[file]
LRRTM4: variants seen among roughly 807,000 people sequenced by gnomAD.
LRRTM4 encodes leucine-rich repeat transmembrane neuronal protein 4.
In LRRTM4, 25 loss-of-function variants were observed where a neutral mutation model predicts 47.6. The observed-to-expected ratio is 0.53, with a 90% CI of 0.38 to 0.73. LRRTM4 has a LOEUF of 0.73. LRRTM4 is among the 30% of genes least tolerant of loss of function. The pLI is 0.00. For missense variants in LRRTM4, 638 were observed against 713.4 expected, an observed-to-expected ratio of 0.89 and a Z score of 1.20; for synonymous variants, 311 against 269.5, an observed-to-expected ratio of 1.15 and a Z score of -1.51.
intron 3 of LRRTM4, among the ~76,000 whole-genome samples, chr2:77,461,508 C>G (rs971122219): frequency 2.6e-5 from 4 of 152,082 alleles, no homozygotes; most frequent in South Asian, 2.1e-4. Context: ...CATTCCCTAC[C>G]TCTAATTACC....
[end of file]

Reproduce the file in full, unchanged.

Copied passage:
LRRTM4: variants seen among roughly 807,000 people sequenced by gnomAD.
LRRTM4 encodes leucine-rich repeat transmembrane neuronal protein 4.
In LRRTM4, 25 loss-of-function variants were observed where a neutral mutation model predicts 47.6. The observed-to-expected ratio is 0.53, with a 90% CI of 0.38 to 0.73. LRRTM4 has a LOEUF of 0.73. LRRTM4 is among the 30% of genes least tolerant of loss of function. The pLI is 0.00. For missense variants in LRRTM4, 638 were observed against 713.4 expected, an observed-to-expected ratio of 0.89 and a Z score of 1.20; for synonymous variants, 311 against 269.5, an observed-to-expected ratio of 1.15 and a Z score of -1.51.
intron 3 of LRRTM4, among the ~76,000 whole-genome samples, chr2:77,461,508 C>G (rs971122219): frequency 2.6e-5 from 4 of 152,082 alleles, no homozygotes; most frequent in South Asian, 2.1e-4. Context: ...CATTCCCTAC[C>G]TCTAATTACC....